• RF in the shack
      • “Hot” mic
      • Feedback into the exciter
        • Distorted transmit audio (unintelligible in severe cases)
        • Transmitter would not turn off (not using VOX!)
solutions
Solutions
  • Fixed all workmanship problems first
  • Addressed Arcing next:
    • Two technical camps:
      • Parasitic oscillations
      • Improper loading on the amplifier tube(s)
    • Parasitic oscillations usually cause one/more of:
      • Plate and/or grid currents pegtheir respective meters
      • Blown fuses
      • One or more components (diodes, resistors, tubes, etc) shorted or open
      • Erratic plate and grid current fluctuations during tune up
arcing being caused by improper loading probably due to defective bandswitch
Arcing => Being Caused by Improper Loading (Probably due to defective bandswitch)

V1:

- 3100 Vpeak (nominal into RTube)

-Load independent

- 4100 Vpeak breakdown

V2:

- 390 Vpeak (nominal into 50 W)

- Load dependent

- 1200Vpeak breakdown

RTube(W) = VPlate /(2 x IDC)

= 3100/(2 x 0.7)

= 2200 W (for AL-82)

(Tube independent)

“Pi” Matching Network

(Impedance Transformer)

L

VPlate = 3100 Vdc

C2

C1

RLoad(W)

IDC

C1:

- Tune for resonance

- 4500 Vpeak breakdown

C2:

- Tune for max output power

- 390 Vpeak (nominal into 50 W)

- 1200 Vpeak breakdown

- Sets Max SWR limit

Arc

Voltage

Limiter

(4100 Vpeak)

To achieve max output power, must do an “impedance match”

(Make RLoad look like RTube to the tube)

No ARCing has occurred since the defective bandswitch was replaced

solutions continued
Solutions - continued
  • Low output power:
    • The defective bandswitch was also contributing to the low output power problem
    • Amplifier input SWR was causing my transmitter to partially shut down due to activation of the SWR protection circuit
  • AL-82 Power Meter accuracy:
    • The amplifier “power” meter is only measuring the voltage at the antenna output, and converting that voltage reading to a power reading on the meter assuming a purely resistive 50 ohm load(Figure 4)

This “power meter” is

little more than a

“tuning indicator”

Power Measurement

Uncertainty Region

Measured 440 watts

into 25 W load

solutions continued26
Solutions - continued
  • RFI:
    • I found it necessary to incorporate a number of the fixes per the

ARRL RFI Book Vol 2:

      • Improved RF filters on AC lines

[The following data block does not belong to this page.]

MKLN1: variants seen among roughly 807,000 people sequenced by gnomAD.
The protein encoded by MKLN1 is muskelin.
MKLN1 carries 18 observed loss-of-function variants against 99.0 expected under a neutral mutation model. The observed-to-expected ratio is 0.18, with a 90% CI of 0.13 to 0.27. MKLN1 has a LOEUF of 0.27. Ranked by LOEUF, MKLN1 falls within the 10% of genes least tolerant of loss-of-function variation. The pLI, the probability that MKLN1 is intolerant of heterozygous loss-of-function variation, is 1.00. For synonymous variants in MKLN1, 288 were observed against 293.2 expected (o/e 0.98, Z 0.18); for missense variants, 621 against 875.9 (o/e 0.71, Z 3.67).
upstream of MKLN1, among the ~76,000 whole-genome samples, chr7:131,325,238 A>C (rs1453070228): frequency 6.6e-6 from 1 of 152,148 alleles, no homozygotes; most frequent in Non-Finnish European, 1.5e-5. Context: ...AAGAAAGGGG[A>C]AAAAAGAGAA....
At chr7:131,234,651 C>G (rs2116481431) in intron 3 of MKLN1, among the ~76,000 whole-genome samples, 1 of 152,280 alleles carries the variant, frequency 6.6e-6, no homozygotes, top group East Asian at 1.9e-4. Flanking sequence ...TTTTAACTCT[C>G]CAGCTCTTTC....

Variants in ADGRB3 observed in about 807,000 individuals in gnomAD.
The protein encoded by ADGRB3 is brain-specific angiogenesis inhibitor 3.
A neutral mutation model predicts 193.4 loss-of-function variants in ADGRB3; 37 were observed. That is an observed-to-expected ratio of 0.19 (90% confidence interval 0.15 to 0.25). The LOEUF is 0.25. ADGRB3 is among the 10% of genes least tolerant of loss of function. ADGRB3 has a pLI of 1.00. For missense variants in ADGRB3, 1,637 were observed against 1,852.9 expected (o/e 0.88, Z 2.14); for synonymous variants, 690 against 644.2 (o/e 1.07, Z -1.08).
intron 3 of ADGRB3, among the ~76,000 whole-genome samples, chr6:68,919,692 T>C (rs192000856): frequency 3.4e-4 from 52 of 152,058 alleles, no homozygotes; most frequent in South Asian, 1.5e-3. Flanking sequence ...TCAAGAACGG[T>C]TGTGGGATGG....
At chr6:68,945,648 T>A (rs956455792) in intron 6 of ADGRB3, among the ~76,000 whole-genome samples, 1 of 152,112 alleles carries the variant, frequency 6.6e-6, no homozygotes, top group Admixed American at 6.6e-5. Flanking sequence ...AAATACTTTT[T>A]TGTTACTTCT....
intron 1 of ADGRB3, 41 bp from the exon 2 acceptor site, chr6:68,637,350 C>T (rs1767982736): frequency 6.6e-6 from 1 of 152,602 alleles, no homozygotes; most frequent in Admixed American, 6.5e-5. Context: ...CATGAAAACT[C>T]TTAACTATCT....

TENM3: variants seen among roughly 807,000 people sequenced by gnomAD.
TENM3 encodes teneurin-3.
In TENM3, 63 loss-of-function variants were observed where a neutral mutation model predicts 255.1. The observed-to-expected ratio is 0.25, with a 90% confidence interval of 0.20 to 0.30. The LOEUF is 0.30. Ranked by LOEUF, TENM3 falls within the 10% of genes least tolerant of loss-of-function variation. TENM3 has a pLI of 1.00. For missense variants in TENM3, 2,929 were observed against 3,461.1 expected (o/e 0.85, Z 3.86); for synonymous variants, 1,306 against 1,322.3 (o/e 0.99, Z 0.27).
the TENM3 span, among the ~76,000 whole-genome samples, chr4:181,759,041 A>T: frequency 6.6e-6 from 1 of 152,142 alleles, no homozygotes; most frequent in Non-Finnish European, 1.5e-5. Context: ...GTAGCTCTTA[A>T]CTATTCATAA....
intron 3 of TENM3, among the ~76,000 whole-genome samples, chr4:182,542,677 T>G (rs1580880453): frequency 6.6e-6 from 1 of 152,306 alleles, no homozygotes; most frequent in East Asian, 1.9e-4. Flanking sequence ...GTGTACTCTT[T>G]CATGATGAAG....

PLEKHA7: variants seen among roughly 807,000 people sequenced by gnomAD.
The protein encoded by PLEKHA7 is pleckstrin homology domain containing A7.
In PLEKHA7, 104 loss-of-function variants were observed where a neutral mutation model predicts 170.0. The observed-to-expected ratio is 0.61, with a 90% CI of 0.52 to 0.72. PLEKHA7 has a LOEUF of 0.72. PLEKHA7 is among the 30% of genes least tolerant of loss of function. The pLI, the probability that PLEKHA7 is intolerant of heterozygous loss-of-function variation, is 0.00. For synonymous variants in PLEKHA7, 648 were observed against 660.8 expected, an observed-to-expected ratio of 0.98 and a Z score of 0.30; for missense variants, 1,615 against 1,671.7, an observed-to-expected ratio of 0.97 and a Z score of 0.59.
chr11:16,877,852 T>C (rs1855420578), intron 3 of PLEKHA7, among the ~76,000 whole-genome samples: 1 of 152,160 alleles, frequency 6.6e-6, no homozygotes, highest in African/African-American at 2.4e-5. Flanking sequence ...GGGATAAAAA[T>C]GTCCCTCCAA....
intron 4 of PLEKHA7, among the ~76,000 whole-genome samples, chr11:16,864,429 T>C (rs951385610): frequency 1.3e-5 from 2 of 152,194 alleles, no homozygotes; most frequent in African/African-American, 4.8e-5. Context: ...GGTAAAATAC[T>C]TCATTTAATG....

• Significantly improved station RF grounding
        • Single point ground
        • Counterpoise with ground rods
      • Added RF “common mode” chokes in signal cables and AC power cords
      • Relocation of some antennas
    • Adding the recommended AC power line common mode choke to my sub-woofer audio amplifier caused it to catastrophically fail
      • Blew out all of the power FET’s
success almost
Success (Almost)
  • After successful trial runs at 1.5 Kw into a 50 ohm dummy load with no arcing, I decided to try loading into my antennas:
    • My commercial multi-band vertical failed after about a minute at 1.5 Kw
      • The manufacturer rates this antenna for “full legal limit”
        • I was told on the phone not exceed 500 watts CW
      • The manufacturer uses 500 volt silver mica caps to tune the antenna
    • My trap dipole failed after two minutes at 1.5 Kw
      • This time, it was a commercial balun that had failed
      • The manufacturer rates this balun for “2 Kw PEP”
    • After replacing the balun, the amp failed again. This time it blew a 0.5 inch diameter hole through one of the commercial 40 M traps (these traps are rated for “2 Kw PEP”). I made my own high power traps from PVC, doorknob caps, and 600 volt wire.

“P.E.P.” is a voltagerating

success finally
Success (Finally!!)
  • I can now put 1.5 Kw into my dipole on all bands for several minutes without arcing or other problems
  • I can easily find the maximum output power point
  • The plate tuning capacitor ends up in the designated position on all bands
  • The amplifier is also very tolerant of mis-tuning of both the plate and load capacitors
    • While running 1.5 Kw into the antenna (which has a 1.6:1 SWR), I can de-tune either/both the plate and load capacitors enough to drop the output power by 500 watts with no signs of arcing or other unusual behavior.